The Untold Story Behind Israel’s Capture of Adolf Eichmann

Contrary to a widely held perception, the Mossad was not engaged in a global manhunt for ex-Nazis during the 1950s and 60s; the spy agency had bigger fish to fry: protecting Israel from the hostile nations that surrounded it. Andrew Nagorski, in an excerpt from his new book The Nazi Hunters, tells the story of how Eichmann came to the attention of Israeli intelligence:

On September 19, 1957, Fritz Bauer, who . . . was then attorney general of the West German state of Hesse, arranged a meeting with Felix Shinar, the head of Israel’s reparations mission in the Federal Republic of Germany. To make sure it was as hush-hush as possible, the two men met at an inn just off the Cologne-Frankfurt highway.

According to Isser Harel, the Mossad director [at the time], Bauer came straight to the point. “Eichmann has been traced,” he told Shinar.

When the Israeli queried whether he really meant Adolf Eichmann, Bauer responded: “Yes, Adolf Eichmann. He is in Argentina.”

“And what do you intend to do?” asked Shinar.

“I’ll be perfectly frank with you, I don’t know if we can altogether rely on the German judiciary here, let alone on the German embassy staff in Buenos Aires,” Bauer responded, leaving no doubt that he distrusted many of his country’s public servants and was worried that someone would tip off Eichmann if they learned he was in danger of arrest. “I see no other way but to talk to you,” Bauer continued. “You are known to be efficient people, and nobody could be more interested than you in the capture of Eichmann.” Then he threw in a word of caution: “Obviously I wish to maintain contact with you in connection with this matter, but only provided that strict secrecy is kept.”

Read more at Daily Beast

More about: Adolf Eichmann, Argentina, Germany, History & Ideas, Holocaust, Mossad

If Iran Goes Nuclear, the U.S. Will Be Forced Out of the Middle East

The International Atomic Energy Agency reported in May that Iran has, or is close to having, enough highly enriched uranium to build multiple atomic bombs, while, according to other sources, it is taking steps toward acquiring the technology to assemble such weapons. Considering the effects on Israel, the Middle East, and American foreign policy of a nuclear-armed Iran, Eli Diamond writes:

The basic picture is that the Middle East would become inhospitable to the U.S. and its allies when Iran goes nuclear. Israel would find itself isolated, with fewer options for deterring Iran or confronting its proxies. The Saudis and Emiratis would be forced into uncomfortable compromises.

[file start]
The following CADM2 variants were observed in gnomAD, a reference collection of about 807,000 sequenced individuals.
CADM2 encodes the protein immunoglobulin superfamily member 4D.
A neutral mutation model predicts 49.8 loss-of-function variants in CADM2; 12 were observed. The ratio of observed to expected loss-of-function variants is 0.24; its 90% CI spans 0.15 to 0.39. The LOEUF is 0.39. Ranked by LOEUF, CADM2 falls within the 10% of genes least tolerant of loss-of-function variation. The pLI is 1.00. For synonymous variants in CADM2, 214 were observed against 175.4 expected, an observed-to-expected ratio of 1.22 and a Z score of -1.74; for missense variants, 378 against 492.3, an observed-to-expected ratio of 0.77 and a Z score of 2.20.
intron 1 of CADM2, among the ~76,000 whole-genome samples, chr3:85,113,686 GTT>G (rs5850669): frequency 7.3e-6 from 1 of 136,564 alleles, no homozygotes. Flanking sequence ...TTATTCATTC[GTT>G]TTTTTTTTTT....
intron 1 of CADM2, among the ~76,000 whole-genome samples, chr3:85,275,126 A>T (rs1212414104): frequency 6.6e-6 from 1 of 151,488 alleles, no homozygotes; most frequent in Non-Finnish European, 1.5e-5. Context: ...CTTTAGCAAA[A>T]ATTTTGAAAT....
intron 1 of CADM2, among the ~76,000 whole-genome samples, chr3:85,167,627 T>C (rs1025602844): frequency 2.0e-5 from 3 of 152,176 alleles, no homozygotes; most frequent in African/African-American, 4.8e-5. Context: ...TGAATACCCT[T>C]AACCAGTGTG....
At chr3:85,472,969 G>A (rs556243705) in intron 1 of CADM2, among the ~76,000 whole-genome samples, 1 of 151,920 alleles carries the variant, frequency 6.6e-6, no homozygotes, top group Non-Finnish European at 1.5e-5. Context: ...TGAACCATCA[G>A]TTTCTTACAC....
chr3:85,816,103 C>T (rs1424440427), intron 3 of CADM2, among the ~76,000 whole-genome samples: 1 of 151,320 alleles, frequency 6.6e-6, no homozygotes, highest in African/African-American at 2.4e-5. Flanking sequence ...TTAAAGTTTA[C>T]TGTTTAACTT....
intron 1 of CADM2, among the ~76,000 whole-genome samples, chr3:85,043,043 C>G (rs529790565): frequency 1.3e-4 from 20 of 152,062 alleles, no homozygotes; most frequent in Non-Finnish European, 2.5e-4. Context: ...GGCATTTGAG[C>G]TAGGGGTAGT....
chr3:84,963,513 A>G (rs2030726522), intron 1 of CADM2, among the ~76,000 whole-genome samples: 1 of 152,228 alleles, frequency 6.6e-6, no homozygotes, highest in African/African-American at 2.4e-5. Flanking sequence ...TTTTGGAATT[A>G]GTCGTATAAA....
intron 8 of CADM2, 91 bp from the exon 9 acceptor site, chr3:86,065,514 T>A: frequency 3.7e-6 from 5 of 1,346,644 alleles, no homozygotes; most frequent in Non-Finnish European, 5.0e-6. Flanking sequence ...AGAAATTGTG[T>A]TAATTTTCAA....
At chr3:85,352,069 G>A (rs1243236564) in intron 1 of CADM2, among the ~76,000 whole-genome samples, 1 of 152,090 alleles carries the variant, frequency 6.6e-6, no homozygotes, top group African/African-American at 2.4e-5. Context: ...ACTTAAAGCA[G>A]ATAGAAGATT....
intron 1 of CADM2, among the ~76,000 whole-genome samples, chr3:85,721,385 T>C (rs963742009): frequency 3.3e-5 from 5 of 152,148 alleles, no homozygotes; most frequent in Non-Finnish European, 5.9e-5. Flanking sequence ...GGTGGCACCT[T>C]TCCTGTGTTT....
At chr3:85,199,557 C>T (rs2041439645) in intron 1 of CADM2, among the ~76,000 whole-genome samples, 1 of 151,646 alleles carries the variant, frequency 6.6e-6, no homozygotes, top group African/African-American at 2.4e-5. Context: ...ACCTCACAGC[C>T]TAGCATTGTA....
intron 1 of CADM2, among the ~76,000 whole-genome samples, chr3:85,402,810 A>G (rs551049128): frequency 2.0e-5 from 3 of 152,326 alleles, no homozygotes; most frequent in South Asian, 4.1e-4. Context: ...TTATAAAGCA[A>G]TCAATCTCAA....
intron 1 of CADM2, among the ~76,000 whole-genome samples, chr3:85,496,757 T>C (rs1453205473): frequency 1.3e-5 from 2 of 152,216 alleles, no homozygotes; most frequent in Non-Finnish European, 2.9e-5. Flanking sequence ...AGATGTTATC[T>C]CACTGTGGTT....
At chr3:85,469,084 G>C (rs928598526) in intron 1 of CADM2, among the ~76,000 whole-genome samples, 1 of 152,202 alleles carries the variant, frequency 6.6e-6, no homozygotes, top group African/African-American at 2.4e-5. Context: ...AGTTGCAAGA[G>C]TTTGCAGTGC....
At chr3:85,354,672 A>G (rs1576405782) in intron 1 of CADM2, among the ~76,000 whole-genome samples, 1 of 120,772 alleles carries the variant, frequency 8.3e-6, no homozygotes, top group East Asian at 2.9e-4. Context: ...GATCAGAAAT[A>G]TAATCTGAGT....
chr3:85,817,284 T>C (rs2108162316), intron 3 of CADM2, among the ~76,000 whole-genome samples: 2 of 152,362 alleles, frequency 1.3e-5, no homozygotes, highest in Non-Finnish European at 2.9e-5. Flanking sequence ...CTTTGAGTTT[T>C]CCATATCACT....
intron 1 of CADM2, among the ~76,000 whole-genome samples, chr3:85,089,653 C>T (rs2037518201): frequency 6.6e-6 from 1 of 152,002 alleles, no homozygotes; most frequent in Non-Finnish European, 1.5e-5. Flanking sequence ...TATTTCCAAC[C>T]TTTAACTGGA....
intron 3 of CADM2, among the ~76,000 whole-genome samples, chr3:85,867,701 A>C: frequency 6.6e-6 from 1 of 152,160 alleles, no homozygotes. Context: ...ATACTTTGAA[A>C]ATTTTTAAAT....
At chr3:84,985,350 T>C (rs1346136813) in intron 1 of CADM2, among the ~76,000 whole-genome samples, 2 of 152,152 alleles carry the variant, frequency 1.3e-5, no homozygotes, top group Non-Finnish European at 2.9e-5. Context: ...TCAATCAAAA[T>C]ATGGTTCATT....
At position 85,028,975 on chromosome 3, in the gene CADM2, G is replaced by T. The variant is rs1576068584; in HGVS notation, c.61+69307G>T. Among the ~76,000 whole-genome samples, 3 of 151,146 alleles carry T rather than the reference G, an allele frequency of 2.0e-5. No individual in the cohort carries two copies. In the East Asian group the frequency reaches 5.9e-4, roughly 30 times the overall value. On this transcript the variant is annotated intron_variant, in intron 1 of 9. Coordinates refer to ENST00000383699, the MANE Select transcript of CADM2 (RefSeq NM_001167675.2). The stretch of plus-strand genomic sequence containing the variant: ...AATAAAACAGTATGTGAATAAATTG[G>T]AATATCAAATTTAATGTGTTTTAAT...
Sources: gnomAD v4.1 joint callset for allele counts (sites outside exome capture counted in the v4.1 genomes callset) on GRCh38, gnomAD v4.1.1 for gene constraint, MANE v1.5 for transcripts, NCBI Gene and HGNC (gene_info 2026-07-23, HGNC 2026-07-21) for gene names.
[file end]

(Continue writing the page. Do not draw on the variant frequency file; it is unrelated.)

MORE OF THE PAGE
Any course reversal has to start by recognizing that the United States has entered the early stages of a global conflict in which the Middle East is set to be a main attraction, not a sideshow.

Directly or not, the U.S. is engaged in this conflict and has a significant stake in its outcome. In Europe, American and Western arms are the only things standing between Ukraine and its defeat at the hands of Russia. In the Middle East, American arms remain indispensable to Israel’s survival as it wages a defensive, multifront war against Iran and its proxies Hamas and Hizballah. In the Indo-Pacific, China has embarked on the greatest military buildup since World War II, its eyes set on Taiwan but ultimately U.S. primacy.

While Iran is the smallest of these three powers, China and Russia rely on it greatly for oil and weapons, respectively. Both rely on it as a tool to degrade America’s position in the region. Constraining Iran and preventing its nuclear breakout would keep waterways open for Western shipping and undermine a key node in the supply chain for China and Russia.

Diamond offers a series of concrete suggestions for how the U.S. could push back hard against Iran, among them expanding the Abraham Accords into a military and diplomatic alliance that would include Saudi Arabia. But such a plan depends on Washington recognizing that its interests in Eastern Europe, in the Pacific, and in the Middle East are all connected.

Read more at National Review

More about: Iran nuclear program, Israeli Security, Middle East, U.S. Foreign policy